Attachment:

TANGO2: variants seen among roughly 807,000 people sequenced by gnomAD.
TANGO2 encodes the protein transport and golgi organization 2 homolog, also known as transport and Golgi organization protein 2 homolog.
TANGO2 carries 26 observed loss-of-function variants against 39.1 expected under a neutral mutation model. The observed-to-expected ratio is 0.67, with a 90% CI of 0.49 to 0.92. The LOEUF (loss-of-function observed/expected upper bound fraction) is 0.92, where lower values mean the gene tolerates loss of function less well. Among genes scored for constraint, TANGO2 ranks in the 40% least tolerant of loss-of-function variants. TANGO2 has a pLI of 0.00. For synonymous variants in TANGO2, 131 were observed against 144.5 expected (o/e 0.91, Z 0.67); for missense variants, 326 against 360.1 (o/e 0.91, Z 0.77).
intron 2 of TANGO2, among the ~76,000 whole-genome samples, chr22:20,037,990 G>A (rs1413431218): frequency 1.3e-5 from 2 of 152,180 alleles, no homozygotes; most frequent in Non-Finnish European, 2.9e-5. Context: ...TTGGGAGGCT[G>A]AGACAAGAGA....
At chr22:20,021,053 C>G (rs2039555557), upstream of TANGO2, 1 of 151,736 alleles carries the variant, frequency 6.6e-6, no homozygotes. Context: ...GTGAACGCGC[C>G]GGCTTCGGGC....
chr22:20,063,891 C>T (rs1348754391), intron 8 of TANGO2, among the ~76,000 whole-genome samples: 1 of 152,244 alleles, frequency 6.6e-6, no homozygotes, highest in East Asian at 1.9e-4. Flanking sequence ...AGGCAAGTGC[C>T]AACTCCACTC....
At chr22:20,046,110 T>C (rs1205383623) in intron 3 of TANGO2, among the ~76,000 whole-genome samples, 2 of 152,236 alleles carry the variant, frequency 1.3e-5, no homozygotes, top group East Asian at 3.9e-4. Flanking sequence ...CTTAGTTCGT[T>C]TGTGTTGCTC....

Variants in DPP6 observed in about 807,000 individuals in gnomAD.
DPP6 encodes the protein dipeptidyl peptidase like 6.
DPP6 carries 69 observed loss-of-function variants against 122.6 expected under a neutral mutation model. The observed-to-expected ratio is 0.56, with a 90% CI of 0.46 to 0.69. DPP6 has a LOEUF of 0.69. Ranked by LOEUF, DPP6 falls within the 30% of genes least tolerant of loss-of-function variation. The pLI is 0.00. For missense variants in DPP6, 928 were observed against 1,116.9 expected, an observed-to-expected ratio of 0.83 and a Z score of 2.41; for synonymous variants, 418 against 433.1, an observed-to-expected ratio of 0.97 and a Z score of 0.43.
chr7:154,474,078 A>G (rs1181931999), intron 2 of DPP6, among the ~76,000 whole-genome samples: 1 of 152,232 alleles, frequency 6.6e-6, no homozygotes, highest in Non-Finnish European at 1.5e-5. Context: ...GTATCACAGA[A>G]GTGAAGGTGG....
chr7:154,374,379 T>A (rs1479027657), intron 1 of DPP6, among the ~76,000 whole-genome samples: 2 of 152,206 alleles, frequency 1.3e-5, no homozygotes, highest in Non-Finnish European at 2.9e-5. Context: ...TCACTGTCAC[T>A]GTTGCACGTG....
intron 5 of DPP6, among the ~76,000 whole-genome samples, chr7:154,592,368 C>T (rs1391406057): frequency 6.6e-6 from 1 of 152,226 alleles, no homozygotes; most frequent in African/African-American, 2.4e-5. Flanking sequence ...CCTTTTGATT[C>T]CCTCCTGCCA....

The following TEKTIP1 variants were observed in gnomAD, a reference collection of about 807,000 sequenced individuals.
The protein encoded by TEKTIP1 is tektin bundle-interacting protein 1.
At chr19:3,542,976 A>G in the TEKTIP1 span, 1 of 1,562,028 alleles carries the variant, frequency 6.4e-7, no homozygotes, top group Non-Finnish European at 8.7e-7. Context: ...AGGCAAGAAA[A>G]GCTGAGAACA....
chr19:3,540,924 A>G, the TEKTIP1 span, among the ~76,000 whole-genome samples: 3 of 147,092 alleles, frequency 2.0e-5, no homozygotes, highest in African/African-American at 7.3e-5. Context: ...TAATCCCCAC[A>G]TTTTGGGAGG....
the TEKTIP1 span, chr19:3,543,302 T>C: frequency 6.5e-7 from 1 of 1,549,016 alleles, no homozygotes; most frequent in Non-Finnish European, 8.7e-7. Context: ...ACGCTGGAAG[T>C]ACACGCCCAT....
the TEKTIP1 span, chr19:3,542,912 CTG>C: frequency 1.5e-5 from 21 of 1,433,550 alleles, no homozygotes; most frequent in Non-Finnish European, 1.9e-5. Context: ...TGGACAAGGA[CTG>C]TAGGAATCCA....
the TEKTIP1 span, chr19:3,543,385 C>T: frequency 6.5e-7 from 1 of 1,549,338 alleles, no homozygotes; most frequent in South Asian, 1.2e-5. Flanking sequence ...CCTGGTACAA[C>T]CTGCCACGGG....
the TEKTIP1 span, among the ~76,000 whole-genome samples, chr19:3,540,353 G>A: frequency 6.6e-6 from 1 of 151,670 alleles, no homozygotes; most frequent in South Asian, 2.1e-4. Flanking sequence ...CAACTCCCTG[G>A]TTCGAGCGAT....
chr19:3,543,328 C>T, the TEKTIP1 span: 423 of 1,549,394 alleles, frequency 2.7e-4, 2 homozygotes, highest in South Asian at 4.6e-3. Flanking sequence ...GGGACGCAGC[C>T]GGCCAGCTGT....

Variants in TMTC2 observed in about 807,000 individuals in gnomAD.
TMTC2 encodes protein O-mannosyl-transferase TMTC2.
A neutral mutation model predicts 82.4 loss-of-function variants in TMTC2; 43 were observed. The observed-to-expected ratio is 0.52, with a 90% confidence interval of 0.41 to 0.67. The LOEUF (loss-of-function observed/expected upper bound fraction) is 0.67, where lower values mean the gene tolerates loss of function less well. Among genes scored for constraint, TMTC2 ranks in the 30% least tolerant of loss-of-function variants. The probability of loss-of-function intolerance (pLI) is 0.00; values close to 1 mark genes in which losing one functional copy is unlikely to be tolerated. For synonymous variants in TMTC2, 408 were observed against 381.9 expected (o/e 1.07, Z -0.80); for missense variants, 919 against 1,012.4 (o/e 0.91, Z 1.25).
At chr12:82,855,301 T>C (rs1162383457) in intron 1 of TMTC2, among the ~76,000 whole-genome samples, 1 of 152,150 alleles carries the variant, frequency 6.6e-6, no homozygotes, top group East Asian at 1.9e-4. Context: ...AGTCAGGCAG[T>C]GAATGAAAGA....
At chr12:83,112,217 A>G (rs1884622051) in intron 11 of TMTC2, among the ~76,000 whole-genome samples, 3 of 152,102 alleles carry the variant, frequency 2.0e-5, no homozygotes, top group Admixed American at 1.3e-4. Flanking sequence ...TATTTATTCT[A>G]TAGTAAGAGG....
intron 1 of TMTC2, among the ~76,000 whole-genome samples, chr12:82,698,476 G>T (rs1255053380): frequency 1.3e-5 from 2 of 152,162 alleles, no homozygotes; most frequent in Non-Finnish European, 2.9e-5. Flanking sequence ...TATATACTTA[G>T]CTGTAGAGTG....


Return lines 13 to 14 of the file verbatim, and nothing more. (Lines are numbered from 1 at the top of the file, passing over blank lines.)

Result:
intron 5 of DPP6, among the ~76,000 whole-genome samples, chr7:154,592,368 C>T (rs1391406057): frequency 6.6e-6 from 1 of 152,226 alleles, no homozygotes; most frequent in African/African-American, 2.4e-5. Flanking sequence ...CCTTTTGATT[C>T]CCTCCTGCCA....

The following TEKTIP1 variants were observed in gnomAD, a reference collection of about 807,000 sequenced individuals.